As a scheduled trial date moves closer, attorneys for a Carlisle woman accused of killing her newborn baby girl in 2017 and burying her in her parents’ backyard continue for file motions regarding evidence.
Two motions filed today by attorneys Charles H. Rittgers, Charles M. Rittgers and Neal Schuett ask for evidence regarding lighter fluid taken from Brooke Richardson’s home and evidence regarding her diary to be excluded at trial.
A can of Kingford charcoal lighter fluid was taken from the Richardson garage by law enforcement, and the defense teem argues it is not admissible at trial because it is not relevant and may be prejudicial.
“Any individual who owns a charcoal grill or fire pit would likely to have similar product. Further, the state’s evidence does not support any consequential value to lighter fluid,” the defense team said in the motion.
The defense team pointed out the prosecution initially said Richardson burned her baby.
“The state’s experts, however, have indicated that the baby was not burned. As such, to continue to argue that erroneous narrative that Miss Richardson burned her baby would not only serve to prejudice the defendant and confuse the jury,” the defense team wrote.
Earlier this month, the defense filed a motion to dismiss the indictment against Richardson, now 20, due to “defects in the institution of prosecution of this case … the state’s deprivation of Miss Richardson’s constitutional rights to a fair trial and due process.”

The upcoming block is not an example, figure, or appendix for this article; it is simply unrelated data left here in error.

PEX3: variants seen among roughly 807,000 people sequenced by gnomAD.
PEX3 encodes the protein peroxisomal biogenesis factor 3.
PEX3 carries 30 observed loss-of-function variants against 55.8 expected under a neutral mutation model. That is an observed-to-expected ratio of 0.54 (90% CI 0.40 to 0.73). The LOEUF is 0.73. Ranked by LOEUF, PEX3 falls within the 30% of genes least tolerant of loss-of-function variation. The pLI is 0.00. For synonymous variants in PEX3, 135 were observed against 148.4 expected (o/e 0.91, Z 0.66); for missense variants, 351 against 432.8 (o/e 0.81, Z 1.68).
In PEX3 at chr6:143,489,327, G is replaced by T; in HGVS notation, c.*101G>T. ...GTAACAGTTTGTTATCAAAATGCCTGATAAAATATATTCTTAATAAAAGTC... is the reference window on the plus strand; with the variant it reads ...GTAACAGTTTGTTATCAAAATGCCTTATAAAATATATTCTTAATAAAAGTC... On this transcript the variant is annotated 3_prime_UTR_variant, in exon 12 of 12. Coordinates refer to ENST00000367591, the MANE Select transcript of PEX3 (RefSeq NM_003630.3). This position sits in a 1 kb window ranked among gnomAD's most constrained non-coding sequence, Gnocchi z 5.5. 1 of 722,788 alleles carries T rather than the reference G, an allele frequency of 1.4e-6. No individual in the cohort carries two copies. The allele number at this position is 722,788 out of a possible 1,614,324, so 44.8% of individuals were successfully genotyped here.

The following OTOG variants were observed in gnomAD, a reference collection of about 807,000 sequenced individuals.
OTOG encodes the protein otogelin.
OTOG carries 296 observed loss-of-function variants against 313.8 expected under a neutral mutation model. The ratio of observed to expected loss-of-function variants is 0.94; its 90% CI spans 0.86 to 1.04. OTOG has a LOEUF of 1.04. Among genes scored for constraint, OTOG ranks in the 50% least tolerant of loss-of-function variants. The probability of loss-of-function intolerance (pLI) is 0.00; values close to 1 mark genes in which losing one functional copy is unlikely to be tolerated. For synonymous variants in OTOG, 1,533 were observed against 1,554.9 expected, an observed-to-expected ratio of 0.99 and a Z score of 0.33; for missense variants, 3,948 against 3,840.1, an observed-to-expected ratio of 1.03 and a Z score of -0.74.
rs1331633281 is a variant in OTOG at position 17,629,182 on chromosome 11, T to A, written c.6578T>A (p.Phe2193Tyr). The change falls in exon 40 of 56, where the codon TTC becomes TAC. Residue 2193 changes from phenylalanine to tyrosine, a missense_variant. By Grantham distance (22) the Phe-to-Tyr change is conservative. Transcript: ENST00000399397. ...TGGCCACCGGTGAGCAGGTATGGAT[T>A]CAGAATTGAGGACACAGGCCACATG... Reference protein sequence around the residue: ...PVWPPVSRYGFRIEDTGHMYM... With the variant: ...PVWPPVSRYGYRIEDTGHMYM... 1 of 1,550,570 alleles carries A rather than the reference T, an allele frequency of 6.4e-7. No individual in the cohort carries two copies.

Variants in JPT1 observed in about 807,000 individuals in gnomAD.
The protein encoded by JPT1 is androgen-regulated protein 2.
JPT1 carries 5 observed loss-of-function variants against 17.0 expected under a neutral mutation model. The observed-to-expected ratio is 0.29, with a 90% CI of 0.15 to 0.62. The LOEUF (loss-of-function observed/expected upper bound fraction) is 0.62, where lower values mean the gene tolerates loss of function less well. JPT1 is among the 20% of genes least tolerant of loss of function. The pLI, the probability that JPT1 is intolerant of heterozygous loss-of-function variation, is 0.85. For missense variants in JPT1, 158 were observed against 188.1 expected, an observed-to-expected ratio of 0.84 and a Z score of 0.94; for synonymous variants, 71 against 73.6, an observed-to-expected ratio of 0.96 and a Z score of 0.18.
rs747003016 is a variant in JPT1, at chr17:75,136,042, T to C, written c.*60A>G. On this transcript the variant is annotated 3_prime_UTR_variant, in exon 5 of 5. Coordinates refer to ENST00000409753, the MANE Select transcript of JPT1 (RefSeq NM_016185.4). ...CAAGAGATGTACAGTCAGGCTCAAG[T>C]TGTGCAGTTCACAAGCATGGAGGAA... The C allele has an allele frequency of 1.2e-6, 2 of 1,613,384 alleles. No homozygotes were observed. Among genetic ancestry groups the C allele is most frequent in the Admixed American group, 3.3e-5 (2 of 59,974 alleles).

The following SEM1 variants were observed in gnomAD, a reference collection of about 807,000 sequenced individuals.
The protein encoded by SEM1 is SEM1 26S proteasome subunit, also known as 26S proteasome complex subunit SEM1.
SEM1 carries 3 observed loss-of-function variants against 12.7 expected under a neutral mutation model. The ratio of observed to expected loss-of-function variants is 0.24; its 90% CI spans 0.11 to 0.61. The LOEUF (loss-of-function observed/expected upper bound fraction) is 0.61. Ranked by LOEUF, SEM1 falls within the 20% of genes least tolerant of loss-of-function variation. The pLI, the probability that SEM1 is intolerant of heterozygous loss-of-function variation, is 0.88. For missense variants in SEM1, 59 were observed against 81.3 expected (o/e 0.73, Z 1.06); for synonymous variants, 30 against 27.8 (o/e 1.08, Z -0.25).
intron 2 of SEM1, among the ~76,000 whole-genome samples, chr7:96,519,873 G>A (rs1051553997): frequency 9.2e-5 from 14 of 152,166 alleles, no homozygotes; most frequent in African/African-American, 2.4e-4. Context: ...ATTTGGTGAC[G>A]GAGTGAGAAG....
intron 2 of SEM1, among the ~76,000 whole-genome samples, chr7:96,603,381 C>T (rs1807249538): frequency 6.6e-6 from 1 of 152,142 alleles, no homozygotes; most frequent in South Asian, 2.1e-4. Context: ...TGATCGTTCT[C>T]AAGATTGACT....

That motion is also asking for grand jury testimony to be reviewed “in camera” or by a judge and attorneys, specifically that of forensic anthropologist Dr. Elizabeth Murray, who examined the remains of the baby girl when they were unearthed.
The defense attorneys say the prosecution presented information about Murray’s testimony to a grand jury when seeking to indict Richardson that she has since recanted.
“The indictment and prosecution in this case are defective because both are based on Dr. Murray’s recanted belief that the bones she examined were charred,” the defense attorneys wrote in the motion.
Murray later realized that her belief that the bones were charred was incorrect after a second examination of remains on Aug. 17, 2017, according to the defense.
“While the Warren County Prosecutor’s Office unintentionally presented false information to the grand jury in this case, the indictment and prosecution are defective all the same and should be dismissed in accordance with Miss Richardson’s rights to a fair trial and due process,” the defense team said in the motion.
In the motion concerning Richardson’s diary, the defense team says Richardson suffers from bulimia, anorexia and binge-eating disorders.
“Law enforcement took Miss Richardson’s diary, which they found in her bedroom,” the defense says in the motion. “In her diary she discusses her eating disorders. The diary contents were written well in advance of her pregnancy and most of the content is from her junior high years.”
The defense says the diary is inadmissible because it is entirely irrelevant to her prosecution.
“It is simply the thoughts and feelings of a teenage girl struggling with eating disorders … there is no connection between this diary and the death of Annabelle,” the defense team said in the motion.
A pre-trial hearing is set for Monday ahead of Richardson’s scheduled trial on Sept. 3. She is charged with aggravated murder charge, involuntary manslaughter, endangering children, tampering with evidence and abuse of a corpse.
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